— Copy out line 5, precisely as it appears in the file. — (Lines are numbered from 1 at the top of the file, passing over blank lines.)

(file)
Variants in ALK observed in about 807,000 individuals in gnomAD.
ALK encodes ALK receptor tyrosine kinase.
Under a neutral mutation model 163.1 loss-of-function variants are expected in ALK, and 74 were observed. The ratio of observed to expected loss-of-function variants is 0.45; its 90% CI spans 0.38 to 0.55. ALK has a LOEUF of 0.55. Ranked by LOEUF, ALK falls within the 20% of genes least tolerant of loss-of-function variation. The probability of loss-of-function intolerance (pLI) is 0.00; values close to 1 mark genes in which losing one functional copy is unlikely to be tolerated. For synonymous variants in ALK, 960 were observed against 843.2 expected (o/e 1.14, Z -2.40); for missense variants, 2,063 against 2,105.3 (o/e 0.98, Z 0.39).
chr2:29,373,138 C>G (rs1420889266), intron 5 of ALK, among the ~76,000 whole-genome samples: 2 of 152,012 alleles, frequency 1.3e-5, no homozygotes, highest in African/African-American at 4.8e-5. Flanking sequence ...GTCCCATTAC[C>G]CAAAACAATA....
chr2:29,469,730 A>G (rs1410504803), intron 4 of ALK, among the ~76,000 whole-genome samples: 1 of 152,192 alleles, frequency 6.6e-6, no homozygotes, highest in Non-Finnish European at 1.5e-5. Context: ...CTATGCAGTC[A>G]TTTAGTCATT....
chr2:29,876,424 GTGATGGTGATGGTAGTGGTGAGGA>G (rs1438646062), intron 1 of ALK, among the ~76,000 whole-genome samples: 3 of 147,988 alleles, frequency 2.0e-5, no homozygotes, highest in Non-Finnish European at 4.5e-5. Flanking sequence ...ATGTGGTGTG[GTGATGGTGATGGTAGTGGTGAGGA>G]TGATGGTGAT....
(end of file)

chr2:29,469,730 A>G (rs1410504803), intron 4 of ALK, among the ~76,000 whole-genome samples: 1 of 152,192 alleles, frequency 6.6e-6, no homozygotes, highest in Non-Finnish European at 1.5e-5. Context: ...CTATGCAGTC[A>G]TTTAGTCATT....